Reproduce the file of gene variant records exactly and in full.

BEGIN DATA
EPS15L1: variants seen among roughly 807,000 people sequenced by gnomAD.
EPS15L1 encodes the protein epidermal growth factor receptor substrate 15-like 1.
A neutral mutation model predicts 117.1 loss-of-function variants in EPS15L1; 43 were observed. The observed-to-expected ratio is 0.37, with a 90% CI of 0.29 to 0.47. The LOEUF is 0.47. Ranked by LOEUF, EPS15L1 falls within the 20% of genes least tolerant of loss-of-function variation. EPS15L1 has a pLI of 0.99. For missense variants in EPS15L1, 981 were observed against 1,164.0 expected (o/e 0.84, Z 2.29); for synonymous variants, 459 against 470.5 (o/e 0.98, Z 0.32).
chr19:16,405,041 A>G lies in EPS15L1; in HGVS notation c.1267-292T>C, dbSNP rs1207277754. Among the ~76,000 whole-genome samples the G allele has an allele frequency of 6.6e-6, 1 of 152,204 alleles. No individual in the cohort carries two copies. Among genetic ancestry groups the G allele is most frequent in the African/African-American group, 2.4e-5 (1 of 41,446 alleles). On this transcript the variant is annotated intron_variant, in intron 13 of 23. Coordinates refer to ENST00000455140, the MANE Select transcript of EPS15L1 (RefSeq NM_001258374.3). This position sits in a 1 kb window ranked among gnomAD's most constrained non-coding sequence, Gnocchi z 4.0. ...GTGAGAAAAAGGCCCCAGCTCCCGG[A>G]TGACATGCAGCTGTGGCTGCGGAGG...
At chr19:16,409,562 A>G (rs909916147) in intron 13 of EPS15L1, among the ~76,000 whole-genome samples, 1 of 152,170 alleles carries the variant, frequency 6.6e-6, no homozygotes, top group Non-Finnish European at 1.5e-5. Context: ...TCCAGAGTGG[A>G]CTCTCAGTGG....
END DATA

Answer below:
EPS15L1: variants seen among roughly 807,000 people sequenced by gnomAD.
EPS15L1 encodes the protein epidermal growth factor receptor substrate 15-like 1.
A neutral mutation model predicts 117.1 loss-of-function variants in EPS15L1; 43 were observed. The observed-to-expected ratio is 0.37, with a 90% CI of 0.29 to 0.47. The LOEUF is 0.47. Ranked by LOEUF, EPS15L1 falls within the 20% of genes least tolerant of loss-of-function variation. EPS15L1 has a pLI of 0.99. For missense variants in EPS15L1, 981 were observed against 1,164.0 expected (o/e 0.84, Z 2.29); for synonymous variants, 459 against 470.5 (o/e 0.98, Z 0.32).
chr19:16,405,041 A>G lies in EPS15L1; in HGVS notation c.1267-292T>C, dbSNP rs1207277754. Among the ~76,000 whole-genome samples the G allele has an allele frequency of 6.6e-6, 1 of 152,204 alleles. No individual in the cohort carries two copies. Among genetic ancestry groups the G allele is most frequent in the African/African-American group, 2.4e-5 (1 of 41,446 alleles). On this transcript the variant is annotated intron_variant, in intron 13 of 23. Coordinates refer to ENST00000455140, the MANE Select transcript of EPS15L1 (RefSeq NM_001258374.3). This position sits in a 1 kb window ranked among gnomAD's most constrained non-coding sequence, Gnocchi z 4.0. ...GTGAGAAAAAGGCCCCAGCTCCCGG[A>G]TGACATGCAGCTGTGGCTGCGGAGG...
At chr19:16,409,562 A>G (rs909916147) in intron 13 of EPS15L1, among the ~76,000 whole-genome samples, 1 of 152,170 alleles carries the variant, frequency 6.6e-6, no homozygotes, top group Non-Finnish European at 1.5e-5. Context: ...TCCAGAGTGG[A>G]CTCTCAGTGG....